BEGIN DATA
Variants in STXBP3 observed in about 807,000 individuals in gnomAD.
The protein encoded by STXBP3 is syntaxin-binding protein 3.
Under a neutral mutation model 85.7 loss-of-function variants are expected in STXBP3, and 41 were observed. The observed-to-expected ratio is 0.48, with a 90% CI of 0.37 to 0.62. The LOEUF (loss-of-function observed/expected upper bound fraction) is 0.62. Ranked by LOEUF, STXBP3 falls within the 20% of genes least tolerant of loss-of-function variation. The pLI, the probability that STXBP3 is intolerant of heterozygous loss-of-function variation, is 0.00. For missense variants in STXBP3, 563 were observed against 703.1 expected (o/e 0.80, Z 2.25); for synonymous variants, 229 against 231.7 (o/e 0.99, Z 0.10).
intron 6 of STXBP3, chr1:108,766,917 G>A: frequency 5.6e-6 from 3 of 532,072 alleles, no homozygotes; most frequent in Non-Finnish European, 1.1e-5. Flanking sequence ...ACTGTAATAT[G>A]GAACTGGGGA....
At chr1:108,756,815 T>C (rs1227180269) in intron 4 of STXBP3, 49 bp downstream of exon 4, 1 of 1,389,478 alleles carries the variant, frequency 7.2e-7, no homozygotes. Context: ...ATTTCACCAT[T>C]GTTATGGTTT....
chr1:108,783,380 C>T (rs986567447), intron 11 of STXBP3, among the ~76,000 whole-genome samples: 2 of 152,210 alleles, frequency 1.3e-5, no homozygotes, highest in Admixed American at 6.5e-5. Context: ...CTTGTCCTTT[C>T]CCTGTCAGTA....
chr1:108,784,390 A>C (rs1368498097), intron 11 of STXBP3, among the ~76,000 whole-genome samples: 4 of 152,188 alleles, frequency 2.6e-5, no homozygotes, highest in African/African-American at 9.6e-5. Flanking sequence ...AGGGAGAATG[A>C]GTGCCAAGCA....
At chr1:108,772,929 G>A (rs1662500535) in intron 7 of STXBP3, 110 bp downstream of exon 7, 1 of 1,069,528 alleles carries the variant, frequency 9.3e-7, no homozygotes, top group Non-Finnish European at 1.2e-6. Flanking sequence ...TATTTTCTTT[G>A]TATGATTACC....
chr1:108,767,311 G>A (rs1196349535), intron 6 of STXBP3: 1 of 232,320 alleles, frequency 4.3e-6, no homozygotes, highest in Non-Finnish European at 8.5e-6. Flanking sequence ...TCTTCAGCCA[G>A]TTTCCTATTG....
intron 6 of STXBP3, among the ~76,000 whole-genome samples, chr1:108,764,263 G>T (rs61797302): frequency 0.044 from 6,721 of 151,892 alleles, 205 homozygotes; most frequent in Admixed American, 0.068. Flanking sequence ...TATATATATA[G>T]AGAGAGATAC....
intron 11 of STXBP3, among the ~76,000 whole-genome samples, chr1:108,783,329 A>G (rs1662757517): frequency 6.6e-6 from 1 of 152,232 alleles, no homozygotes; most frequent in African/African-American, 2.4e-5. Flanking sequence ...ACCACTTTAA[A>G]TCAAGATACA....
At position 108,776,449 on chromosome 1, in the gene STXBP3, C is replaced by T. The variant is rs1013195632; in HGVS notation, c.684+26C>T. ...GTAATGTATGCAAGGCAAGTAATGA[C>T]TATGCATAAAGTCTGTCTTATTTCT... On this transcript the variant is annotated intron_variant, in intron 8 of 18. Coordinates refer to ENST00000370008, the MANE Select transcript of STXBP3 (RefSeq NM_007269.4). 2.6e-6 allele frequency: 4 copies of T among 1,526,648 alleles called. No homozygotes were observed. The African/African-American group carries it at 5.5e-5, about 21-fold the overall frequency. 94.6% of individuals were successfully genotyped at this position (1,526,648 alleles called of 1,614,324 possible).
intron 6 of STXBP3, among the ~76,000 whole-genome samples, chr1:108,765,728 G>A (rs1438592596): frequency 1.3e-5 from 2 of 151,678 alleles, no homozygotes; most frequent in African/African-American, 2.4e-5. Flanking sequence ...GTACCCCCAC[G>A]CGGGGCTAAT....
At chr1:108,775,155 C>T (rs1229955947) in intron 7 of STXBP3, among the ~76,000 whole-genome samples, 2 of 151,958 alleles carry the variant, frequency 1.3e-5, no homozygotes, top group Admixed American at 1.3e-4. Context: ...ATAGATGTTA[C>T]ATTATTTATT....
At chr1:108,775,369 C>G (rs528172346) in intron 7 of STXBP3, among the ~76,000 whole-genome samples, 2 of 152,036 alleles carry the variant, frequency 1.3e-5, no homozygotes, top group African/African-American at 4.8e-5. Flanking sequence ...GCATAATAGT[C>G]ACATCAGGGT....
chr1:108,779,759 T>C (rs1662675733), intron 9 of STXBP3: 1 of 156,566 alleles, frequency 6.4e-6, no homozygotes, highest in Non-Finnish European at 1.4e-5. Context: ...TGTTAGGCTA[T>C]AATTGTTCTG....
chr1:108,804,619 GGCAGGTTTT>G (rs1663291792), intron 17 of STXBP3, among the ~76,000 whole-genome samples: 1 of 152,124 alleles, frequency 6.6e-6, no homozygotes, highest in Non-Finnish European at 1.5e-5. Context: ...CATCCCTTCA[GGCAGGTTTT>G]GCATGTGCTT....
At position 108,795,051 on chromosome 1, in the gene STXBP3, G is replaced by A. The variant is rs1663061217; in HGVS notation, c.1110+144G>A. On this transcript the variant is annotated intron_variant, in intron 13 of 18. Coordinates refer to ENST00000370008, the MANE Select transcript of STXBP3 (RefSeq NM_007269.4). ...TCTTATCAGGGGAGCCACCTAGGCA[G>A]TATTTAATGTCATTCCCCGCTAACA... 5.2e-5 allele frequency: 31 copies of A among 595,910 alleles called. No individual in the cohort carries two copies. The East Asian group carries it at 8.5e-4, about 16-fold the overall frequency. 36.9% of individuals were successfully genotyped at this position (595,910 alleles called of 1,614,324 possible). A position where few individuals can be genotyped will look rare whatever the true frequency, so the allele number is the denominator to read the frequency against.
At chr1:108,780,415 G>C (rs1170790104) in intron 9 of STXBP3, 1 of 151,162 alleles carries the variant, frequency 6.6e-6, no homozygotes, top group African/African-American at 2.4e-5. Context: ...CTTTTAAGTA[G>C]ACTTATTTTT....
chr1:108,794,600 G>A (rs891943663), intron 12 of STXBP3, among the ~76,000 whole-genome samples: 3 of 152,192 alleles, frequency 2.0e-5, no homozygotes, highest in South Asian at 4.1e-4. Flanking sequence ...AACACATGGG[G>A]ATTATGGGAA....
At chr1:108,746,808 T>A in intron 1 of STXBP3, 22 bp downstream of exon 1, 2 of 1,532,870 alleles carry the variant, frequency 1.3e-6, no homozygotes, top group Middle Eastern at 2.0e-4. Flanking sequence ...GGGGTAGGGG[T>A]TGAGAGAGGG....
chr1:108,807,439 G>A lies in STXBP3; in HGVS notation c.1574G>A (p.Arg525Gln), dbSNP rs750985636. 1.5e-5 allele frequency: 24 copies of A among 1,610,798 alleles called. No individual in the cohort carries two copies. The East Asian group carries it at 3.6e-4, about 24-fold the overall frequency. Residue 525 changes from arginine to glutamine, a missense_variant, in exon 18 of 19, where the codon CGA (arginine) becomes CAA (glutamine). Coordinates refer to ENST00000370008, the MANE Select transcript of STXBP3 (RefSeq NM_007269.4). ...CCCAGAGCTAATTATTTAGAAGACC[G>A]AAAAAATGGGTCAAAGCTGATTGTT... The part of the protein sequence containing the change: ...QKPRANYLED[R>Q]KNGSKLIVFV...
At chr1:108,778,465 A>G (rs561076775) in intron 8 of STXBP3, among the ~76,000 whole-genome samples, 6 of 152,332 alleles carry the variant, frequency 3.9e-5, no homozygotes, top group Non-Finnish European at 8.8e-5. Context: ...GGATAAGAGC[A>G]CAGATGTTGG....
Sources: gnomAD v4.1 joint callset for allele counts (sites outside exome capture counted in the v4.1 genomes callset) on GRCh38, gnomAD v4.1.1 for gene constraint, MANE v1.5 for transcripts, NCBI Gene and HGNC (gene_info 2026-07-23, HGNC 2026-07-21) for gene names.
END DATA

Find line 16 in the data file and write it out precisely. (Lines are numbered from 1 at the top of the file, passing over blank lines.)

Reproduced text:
chr1:108,779,759 T>C (rs1662675733), intron 9 of STXBP3: 1 of 156,566 alleles, frequency 6.4e-6, no homozygotes, highest in Non-Finnish European at 1.4e-5. Context: ...TGTTAGGCTA[T>C]AATTGTTCTG....